Pharmaceutical arbitrage defines the problem, when for example governments grant subsidies for expensive but lifesaving drugs to be sold on a lower price in order to increase access of medicines to patients. Arbitrage opportunities are exploited when drugs are purchased on a low price with the intention to sell to patients on a high price. Pharmaceutical arbitrage erodes affordable prices and undermines access to medicines and health and causes financial losses for the government.

The Blockchain could be an opportunity platform to increase trust and transparency, with customers being able to track pharmaceutical products throughout the supply chain. The packaging of a drug could be scanned by a bar code any time, the drug changes ownership. Only trusted parties are granted access to write on the Blockchain. The record is delivered on the Blockchain in real time. Manufacturers and end customer can scan the bar code and see the history. Optimally, the platform ensures drug identification, tracing, verification and notification in case an illegitimate drug is found. The intelligent Blockchainbased control system ensures end-to-end tracking. It will eliminate the opportunity for illegible drug modification, in particular at interfaces and where-ever there is manual intervention.

Use Case 2: Pharmaceutical Clinical Trials

Clinical trials provide challenges to the pharma industry: lack of trust between the parties, multiple parties and intermediaries, complexity, compliance to regulatory standards and controls, patient recruiting, data security and privacy issues.

Trust and transparency amongst different parties

Throughout the clinical trial, multiple parties are involved which adds costs and creates complexity: patients, pharma companies, Contract Research Organisations (CROs), hospitals, doctors, regulators. The various parties involved may not trust each other, especially with regard to data collection and data integrity.

Blockchain may present a solution and act as an audit trail for pharma companies and auditors. The data is uploaded in real-time on the Blockchain which increases the transparency. The data cannot be manipulated which establishes trust. Instead of third parties auditing the data, the Blockchain solution works with a consensus mechanism which does not need external auditors to validate the transaction. Instead, code auditors are required. At the end, the data owner and the legible data user could exchange data peer-to-peer. The Blockchain solution inherently provides data quality and drives a new governance model that is compulsory to be followed by all participants due to the Blockchain solution features.

Patient recruitment, control and trackability of data

Successful clinical trials require patient groups that fulfil specific requirements. Patient data is sensitive and for this reason not freely and easily accessible. Data security and privacy is a sensitive topic, in particular with patient health data, and multiple parties involved. As soon as the patient is on boarded, patient retention and satisfaction become increasingly important for a successful completion of a milestone of the clinical trial. Multiple locations of data origin in manual and electronic form and centralised data storages make it difficult to track back data or to recall who accessed or changed information at a specific time.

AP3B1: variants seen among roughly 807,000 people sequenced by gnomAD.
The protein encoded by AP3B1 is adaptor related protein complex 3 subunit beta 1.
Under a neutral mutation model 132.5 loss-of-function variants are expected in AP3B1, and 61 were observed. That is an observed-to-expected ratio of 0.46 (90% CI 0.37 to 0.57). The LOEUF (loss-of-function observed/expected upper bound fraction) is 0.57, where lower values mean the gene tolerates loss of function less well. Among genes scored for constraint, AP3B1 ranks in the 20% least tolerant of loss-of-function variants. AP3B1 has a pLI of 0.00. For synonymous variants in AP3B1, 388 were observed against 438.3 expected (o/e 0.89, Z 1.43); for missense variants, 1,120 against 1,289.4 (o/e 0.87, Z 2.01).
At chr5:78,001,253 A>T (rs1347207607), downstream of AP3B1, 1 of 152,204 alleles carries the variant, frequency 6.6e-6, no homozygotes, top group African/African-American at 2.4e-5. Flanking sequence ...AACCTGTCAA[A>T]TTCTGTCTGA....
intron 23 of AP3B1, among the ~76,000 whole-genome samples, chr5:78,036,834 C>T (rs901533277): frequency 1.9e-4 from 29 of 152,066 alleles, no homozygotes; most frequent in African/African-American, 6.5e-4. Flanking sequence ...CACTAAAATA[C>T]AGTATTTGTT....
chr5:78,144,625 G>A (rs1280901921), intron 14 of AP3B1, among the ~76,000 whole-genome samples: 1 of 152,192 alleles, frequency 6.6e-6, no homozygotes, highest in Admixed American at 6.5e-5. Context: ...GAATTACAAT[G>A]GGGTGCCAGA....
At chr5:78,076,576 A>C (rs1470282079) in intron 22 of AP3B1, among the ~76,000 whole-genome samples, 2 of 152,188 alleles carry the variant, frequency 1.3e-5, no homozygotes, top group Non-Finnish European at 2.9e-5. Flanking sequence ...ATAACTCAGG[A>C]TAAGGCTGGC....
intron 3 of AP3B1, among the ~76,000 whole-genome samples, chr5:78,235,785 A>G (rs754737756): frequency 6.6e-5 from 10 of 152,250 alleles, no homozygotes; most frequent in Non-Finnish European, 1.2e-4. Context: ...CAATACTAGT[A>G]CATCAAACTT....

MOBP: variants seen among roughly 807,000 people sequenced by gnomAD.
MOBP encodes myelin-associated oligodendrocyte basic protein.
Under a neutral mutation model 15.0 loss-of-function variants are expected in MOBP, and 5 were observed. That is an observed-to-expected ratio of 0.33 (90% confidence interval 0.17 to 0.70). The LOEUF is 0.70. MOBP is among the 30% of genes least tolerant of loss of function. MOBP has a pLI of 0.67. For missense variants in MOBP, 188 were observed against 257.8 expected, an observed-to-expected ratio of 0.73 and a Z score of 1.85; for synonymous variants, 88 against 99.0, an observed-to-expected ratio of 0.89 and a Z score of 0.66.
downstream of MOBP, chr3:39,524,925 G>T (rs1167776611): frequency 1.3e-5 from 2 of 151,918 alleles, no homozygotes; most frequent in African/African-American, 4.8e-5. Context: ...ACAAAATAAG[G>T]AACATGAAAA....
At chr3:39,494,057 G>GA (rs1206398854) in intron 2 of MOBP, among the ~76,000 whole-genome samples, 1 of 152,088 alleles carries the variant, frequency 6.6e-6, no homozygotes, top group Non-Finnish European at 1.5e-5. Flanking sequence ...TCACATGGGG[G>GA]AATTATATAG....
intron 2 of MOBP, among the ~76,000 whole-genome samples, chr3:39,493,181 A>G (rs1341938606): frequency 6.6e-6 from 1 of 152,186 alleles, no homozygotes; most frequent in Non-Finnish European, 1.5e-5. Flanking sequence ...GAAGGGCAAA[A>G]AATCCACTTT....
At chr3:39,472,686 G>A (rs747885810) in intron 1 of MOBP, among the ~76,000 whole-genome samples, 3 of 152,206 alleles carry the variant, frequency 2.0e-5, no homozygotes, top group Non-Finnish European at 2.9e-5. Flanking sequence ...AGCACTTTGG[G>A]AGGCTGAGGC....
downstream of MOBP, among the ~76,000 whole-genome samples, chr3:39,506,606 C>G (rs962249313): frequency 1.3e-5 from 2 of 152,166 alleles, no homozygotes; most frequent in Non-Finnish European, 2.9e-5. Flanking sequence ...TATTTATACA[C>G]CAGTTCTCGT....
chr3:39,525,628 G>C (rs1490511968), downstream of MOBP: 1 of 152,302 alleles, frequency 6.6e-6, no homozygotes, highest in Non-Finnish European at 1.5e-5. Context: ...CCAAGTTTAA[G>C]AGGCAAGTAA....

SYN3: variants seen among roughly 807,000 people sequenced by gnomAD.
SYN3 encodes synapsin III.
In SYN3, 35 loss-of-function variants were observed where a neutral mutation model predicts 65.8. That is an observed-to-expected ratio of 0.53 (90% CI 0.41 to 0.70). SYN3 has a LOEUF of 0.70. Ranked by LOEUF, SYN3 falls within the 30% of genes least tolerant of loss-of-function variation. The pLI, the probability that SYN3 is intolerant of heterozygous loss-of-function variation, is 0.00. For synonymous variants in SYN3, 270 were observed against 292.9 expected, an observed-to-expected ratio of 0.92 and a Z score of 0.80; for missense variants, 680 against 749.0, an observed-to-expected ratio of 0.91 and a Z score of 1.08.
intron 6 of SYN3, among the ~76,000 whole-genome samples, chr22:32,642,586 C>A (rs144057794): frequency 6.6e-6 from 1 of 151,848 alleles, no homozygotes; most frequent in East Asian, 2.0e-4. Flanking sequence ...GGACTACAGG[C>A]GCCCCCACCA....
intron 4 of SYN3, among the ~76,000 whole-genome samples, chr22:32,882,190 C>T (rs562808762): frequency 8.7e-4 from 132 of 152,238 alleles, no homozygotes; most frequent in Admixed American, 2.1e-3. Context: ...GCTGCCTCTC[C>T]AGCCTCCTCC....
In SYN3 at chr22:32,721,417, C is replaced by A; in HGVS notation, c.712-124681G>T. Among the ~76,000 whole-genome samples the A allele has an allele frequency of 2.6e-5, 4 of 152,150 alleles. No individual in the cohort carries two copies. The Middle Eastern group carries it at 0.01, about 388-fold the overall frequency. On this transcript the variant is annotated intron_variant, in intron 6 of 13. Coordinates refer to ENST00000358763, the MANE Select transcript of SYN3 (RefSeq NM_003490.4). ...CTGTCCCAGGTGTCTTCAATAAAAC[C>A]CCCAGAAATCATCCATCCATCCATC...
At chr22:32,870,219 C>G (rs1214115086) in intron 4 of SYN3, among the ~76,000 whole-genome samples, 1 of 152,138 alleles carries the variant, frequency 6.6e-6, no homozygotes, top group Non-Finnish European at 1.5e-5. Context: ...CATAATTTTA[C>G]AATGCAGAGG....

A Blockchain platform provides the opportunity to act as distributed ledger system where patients may use the platform to enter their data once on the central distributed data base and share it with interested third parties such as CROs. The patients keep full control of their data. Via a public ledger the data purchaser may see the data available without being able to identify a patient. The patient is in control of what they share via a public and permissioned Blockchain. They could at any time eliminate the data if otherwise not agreed on via a smart contract which is a “piece of code implementing arbitrary rules” (Buterin, 2014). If the patient intents to allow a data purchaser to have access to more information on the private Blockchain, access can be granted any time by the owner. Throughout the clinical trial the data is save and immutable on the Blockchain due to the shared data record that acts as a single source of truth. Due to the time stamped data collection and data  flow on the Blockchain, defined access rights and verified identities may enter the system. There is full reliability and trackability of any change at any time.

Precision medicine and advanced analytics could lead to major milestones in clinical trials as soon as an electronic data base and security is established within the ecosystem of stakeholders with a Blockchain solution. Collaboration in form of industry consortia including legislators are required to make this happen. As a result, time savings in the length of clinical trials and long-term cost savings could potentially be achieved via a Blockchain solution.